Fine Tuned Model Making It's Own Prompts

My fine tuned model is having a conversation with itself in the completion, and I’m trying to understand why.

I’ve trained a Davinci based model on a book of interview question/response pairs. Each question/response pair is a line in the JSON lines file with question as the prompt, and response as the completion. I used the prompt suffix “\n\n###\n\n” and the completion suffix “\n#####\n”.

When I prompted this model with a interview question after training, I was surprised to find that it not only responded with an answer to my question, but proceeded to ask itself another question, and respond to itself, and ask another question, and so on until it ran out of tokens, separating question/response with “#####”.

Here’s an example

who are you?


Nobody in particular. Just a witness. ##### what are you witnessing? ##### Everything, from nothing to nothing. ##### and where are you while witnessing? ##### I am nowhere, I am all. As I see the world, so it is. With a turn of mind, it is otherwise. I am in the world, but not of it. ##### What is the ...

I’ve not seen this in untrained models. Why does the fine tuned model prompt itself?
I read this in the Api Docs

The weight to use for loss on the prompt tokens. This controls how much the model tries to learn to generate the prompt...

Does this mean the model is trying to learn the prompt as well? Why?

Thanks for the help! Let me know if I can give you any other context.

Welcome to the forum.

Are you using this as a stop sequence when you call the API?

I am not sure of your prompt and completion format in the JSONL file. Maybe you could post a small snippet

Generally the following format works well:

prompt : “Human: Whatever your question is\nAI:”
completion : " Whatever your answer is"

Note that the two parts are tagged with Human and AI captions. The completion starts with a space. The AI: tag is at the end of the prompt. It has a \n before it.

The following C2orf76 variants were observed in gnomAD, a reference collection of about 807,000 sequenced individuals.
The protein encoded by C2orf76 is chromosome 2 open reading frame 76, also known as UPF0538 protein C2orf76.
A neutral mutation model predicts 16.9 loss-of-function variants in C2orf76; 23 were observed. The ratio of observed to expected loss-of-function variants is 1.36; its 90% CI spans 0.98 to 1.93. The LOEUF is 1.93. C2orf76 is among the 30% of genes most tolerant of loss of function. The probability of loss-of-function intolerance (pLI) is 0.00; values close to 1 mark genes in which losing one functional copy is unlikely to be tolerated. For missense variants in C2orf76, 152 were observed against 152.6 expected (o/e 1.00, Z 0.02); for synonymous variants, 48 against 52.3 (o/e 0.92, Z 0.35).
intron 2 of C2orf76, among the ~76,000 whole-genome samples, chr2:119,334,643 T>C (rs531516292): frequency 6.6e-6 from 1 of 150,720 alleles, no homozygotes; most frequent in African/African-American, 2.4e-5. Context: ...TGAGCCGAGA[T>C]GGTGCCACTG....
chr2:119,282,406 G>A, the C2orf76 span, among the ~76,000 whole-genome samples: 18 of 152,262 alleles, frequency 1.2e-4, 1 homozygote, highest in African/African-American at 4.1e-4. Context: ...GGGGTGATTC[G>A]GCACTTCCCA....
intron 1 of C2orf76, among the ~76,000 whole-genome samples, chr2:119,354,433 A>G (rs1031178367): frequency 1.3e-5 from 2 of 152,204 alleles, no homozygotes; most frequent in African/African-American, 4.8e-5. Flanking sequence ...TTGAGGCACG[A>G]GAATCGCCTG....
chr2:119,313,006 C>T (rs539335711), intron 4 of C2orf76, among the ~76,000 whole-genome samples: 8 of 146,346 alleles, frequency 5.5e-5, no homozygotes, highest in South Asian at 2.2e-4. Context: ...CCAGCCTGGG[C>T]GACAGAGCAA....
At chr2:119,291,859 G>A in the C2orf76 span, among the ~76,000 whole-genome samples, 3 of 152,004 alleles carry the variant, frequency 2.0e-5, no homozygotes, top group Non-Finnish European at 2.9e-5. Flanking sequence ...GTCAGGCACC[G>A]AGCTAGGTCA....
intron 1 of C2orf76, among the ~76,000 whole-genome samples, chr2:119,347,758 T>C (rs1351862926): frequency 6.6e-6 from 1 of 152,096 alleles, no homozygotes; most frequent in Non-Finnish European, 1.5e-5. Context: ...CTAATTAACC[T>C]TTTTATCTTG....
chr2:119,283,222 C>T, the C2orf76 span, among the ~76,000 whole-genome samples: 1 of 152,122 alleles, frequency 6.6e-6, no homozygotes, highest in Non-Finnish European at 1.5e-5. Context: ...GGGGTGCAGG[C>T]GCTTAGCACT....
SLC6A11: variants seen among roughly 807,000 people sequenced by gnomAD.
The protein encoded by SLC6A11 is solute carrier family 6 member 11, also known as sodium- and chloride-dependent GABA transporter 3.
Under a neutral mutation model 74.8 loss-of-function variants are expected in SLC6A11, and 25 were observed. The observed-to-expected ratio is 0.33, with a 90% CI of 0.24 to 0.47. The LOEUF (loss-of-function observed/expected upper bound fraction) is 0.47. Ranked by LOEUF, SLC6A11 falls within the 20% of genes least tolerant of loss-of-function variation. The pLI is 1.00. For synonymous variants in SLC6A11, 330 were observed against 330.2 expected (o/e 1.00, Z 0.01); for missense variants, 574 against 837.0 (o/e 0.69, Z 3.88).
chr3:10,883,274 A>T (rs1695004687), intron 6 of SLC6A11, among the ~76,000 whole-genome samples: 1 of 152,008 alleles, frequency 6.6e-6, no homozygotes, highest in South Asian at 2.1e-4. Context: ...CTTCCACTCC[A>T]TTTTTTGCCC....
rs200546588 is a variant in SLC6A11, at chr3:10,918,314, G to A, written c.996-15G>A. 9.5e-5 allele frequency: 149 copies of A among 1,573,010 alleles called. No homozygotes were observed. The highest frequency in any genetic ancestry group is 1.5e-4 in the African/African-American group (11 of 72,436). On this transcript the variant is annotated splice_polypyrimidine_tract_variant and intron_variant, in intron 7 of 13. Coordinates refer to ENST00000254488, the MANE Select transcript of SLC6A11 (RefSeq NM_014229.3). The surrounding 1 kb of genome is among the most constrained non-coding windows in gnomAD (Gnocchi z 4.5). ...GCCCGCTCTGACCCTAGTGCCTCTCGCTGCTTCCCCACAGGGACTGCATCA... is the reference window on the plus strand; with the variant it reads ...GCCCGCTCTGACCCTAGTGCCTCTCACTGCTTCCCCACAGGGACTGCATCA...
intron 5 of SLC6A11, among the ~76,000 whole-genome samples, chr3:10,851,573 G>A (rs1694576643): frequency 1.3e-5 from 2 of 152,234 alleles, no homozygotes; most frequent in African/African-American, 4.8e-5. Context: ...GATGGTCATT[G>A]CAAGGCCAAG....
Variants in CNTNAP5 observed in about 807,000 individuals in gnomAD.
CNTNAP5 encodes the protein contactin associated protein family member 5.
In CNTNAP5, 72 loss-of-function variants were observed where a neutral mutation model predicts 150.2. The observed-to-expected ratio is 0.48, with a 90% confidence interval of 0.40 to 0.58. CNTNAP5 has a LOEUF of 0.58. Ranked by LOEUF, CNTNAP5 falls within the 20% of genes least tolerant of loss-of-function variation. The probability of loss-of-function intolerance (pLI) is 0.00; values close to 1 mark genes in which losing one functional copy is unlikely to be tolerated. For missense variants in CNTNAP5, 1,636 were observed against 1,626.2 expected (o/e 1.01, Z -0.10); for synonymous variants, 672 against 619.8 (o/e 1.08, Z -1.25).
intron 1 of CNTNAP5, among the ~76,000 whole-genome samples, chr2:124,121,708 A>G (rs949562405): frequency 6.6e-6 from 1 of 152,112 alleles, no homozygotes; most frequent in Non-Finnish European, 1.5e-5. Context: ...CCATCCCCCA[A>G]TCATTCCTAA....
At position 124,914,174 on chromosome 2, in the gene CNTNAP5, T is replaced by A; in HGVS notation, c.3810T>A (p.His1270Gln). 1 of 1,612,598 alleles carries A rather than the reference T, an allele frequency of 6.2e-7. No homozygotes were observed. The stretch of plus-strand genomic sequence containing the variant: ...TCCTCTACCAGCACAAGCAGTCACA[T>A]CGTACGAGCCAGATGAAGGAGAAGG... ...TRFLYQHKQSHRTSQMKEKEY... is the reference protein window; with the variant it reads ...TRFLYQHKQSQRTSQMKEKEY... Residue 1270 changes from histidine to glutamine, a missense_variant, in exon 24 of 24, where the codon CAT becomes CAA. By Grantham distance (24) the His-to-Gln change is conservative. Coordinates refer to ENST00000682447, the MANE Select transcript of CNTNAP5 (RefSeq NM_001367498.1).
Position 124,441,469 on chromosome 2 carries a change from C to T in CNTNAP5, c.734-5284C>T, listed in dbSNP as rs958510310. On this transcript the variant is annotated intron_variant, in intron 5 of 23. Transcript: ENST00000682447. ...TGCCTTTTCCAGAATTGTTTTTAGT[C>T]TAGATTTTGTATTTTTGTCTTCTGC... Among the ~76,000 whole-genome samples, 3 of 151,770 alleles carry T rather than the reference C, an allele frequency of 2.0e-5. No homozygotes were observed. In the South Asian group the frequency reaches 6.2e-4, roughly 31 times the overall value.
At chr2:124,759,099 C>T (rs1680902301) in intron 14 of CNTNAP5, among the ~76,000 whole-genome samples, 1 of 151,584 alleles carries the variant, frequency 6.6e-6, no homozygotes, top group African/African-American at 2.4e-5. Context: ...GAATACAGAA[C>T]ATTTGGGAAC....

Then when you ask the trained model a question, your prompt should be something similar to the following

“Human: This is my question\nAI:”

Your format doesn’t need to be exactly the same. But the idea is you want to teach the AI a pattern to follow. Your pattern is a human question, and waiting for a response from the ai.

If you have enough examples, the AI will use the weight of the knowledge you have given it in this format to come up with something that resembles (but maybe not exactly matches) one of your training completions.

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Thank you! I wasn’t aware of these, but it looks very promising. I’ll post back after I’ve tried it out.

Here’s a sample train entry

{“prompt”:“And not what I am?\n\n###\n\n”,“completion”:" What you are, you already are. By knowing what you are not, you are free of it and remain in your own natural state. It all happens quite spontaneously and effortlessly.\n#####\n"}

I’m still a little surprised it managed to learn the prompt as well as the completion, but I think the stop sequence should work to keep it from prompting itself.


Well done @kaplannp

You have created JSONL entries which actually follow the OpenAI guidelines.

Most folks here do not follow the guidelines.

Well done!

Note: You can experiment with different separators and stops to get different results.

And of course do not forget to use your separator when you prompt your fine-tuned model and add your stop to the completion stop parameter.


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Get rid of the \n####\n from the completion part. And add [DONE] with all caps and square brackets

The end tag is sent (silently) when the ai is streaming replies. It should help it stop

edit: changed [END] to [DONE] (after checking the API docs)

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Omega Force!

I don’t think this is always a good idea and I do not do this.

When you remove the stop and assume the [END] end tag is silently sent, you are hiding a parameter which could change in the future or perhaps is not known to another developer working on the code in the future.

It’s better, in my view, to explicitly include your stop parameter in your JSONL file and completion call, just like the fine-tuning guidelines mention.

So, in my experience in four decades of coding, it’s better to be explicit when coding so you are not scratching your head later when you forget your code / formatting /data depended on something not fully documented in the Preparing your dataset section of the docs.

I made a mistake in my previous post. Instead of [END], I meant to say [DONE]

This is not in response to your comment above - but I have edited my original post

This is mentioned under streaming in the API

I’ll leave it to you guys to take it from here

Thanks for fixing that.

Isn’t the [DONE] stop only available (according to the docs) when the stream param is set true ?

You are correct that it is used for streaming

I have seen a lot of examples where the word END in capitals has been put at the end of completions in fine-tuning files.

Then when the API is called, the stop setting is set to ‘\n’ and ‘END’

I think it is also correct that the [END] stop is only added automatically when the stream param is set true.

Thanks all! In this case, I wasn’t using streaming, but adding the stop parameter fixed things for me.